Construction Law Insights

With the COVID-19 virus (Coronavirus) impacting everyday life, you may have heard people in the construction industry asking “has anyone reviewed the force majeure provision in our contract?” But what does “force majeure” mean and what impact does it have on your contract?

Fluor Fed. Sols., LLC v. PAE Applied Techs., LLC, 2018 U.S. App. LEXIS 9148 (4th Cir. Apr. 12, 2018)

In 2000, PAE Applied Technologies, LLC (“PAE”) prepared a bid for an Air Force contract. To make its bid competitive, PAE requested that Fluor Federal Solutions, LLC (“Fluor”) and other subcontractors cap the rate of their General and Administration (“G&A”) costs at 2.3 percent of direct costs. PAE contended that Fluor agreed to do so, but Fluor asserted that it never agreed the 2.3 percent cap. Regardless, PAE submitted its final bid to the Air Force, using the reduced 2.3 percent G&A rate, and won the Air Force contract. Thereafter, PAE and Fluor entered into a subcontract (the “Subcontract”), which required Fluor to submit invoices every two weeks and for PAE to pay Fluor’s invoices within 30 days. In October of 2002, Fluor began billing PAE for work completed under the Subcontract. In January of 2004, Fluor began submitting invoices to PAE with G&A costs exceeding the 2.3 percent cap. PAE rejected the increased rate and continued to pay Fluor the amount due under the Subcontract rate. Intermittently over the years, Fluor complained about the G&A cap, but PAE continued to pay, and Fluor continued to accept, payment at the Subcontract G&A rate.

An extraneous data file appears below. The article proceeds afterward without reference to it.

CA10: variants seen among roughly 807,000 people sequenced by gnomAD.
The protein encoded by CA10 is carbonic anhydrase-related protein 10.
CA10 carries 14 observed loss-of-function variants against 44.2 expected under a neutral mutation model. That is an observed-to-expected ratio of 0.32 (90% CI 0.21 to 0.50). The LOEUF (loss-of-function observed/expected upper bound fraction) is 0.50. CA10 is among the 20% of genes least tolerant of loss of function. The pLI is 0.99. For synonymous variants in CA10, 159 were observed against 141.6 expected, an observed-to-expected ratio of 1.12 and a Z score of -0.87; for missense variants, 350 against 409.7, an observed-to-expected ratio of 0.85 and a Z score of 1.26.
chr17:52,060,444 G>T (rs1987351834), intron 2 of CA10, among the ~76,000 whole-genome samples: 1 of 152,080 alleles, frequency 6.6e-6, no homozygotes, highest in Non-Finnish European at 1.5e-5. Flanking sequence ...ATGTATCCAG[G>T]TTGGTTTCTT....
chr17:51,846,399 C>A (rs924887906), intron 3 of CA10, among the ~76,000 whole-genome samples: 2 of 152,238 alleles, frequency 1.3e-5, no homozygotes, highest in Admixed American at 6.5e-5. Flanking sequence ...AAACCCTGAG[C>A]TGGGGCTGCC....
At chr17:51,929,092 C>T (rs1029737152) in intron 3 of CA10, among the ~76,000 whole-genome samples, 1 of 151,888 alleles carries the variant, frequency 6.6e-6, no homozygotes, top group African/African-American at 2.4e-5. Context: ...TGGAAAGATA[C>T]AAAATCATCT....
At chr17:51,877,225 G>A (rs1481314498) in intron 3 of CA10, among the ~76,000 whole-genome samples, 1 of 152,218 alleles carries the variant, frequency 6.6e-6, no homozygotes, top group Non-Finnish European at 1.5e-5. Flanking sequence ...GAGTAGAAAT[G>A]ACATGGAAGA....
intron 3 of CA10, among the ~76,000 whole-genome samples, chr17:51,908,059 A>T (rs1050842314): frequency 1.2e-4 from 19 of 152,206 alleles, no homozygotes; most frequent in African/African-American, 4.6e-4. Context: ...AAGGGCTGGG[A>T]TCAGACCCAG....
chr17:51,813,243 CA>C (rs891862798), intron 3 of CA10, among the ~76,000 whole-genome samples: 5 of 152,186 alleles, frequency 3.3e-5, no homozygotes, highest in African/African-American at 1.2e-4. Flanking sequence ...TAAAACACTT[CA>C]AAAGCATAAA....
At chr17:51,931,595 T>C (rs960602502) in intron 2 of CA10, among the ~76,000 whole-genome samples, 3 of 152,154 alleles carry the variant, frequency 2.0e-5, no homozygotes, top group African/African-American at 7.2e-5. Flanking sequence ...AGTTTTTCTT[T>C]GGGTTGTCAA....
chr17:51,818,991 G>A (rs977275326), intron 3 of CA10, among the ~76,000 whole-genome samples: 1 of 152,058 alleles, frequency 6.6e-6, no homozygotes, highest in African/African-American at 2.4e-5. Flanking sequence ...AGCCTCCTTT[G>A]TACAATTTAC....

Allegheny Cas. Co. v. River City Roofing, LLC, 2018 U.S. Dist. LEXIS 63142, 2018 WL 1785478 (E.D. Va. Apr. 13, 2018)

In 2014, Allegheny Casualty Company (“Allegheny”) issued performance and payment bonds (“P&P Bonds”) on behalf of River City Roofing, LLC, (“River City Roofing”), as principal, for three construction projects that River City Roofing, Rodney G. Young, Karen R. Young, and Sterling Young (the “Defendants”) subcontracted with Branch & Associates, Inc. (“Branch”) to perform. In November of 2014, Allegheny and the Defendants entered into a general indemnity agreement (“GIA”) in which the Defendants agreed to be jointly and severally liable to Allegheny in the event of any loss on the P&P Bonds. Rodney G. Young, Karen R. Young, and Sterling Young executed the GIA as individual indemnitors and Rodney G. Young executed the GIA on behalf of River City Roofing. In February of 2017, Allegheny received a $27,312.01 payment bond claim from American Builders & Contractors Supply Co. (“ABC Supply”), which is supplier of River City Roofing. Allegheny paid $16,440.17 to ABC Supply. In May of 2017, Allegheny received a $105,333.47 performance bond claim from Branch, which Allegheny expended $13,388.94 investigating. In September of 2017, Allegheny received a $5,189.40 payment bond claim from Brock Associates, LLC (“Brock”), which is another supplier of River City Roofing. Thereafter, Allegheny demanded that the Defendants post collateral sufficient to protect Allegheny as required by the GIA. On October 3, 2017, Allegheny filed a complaint against the Defendants to enforce the GIA, and then filed a Motion for Summary Judgment.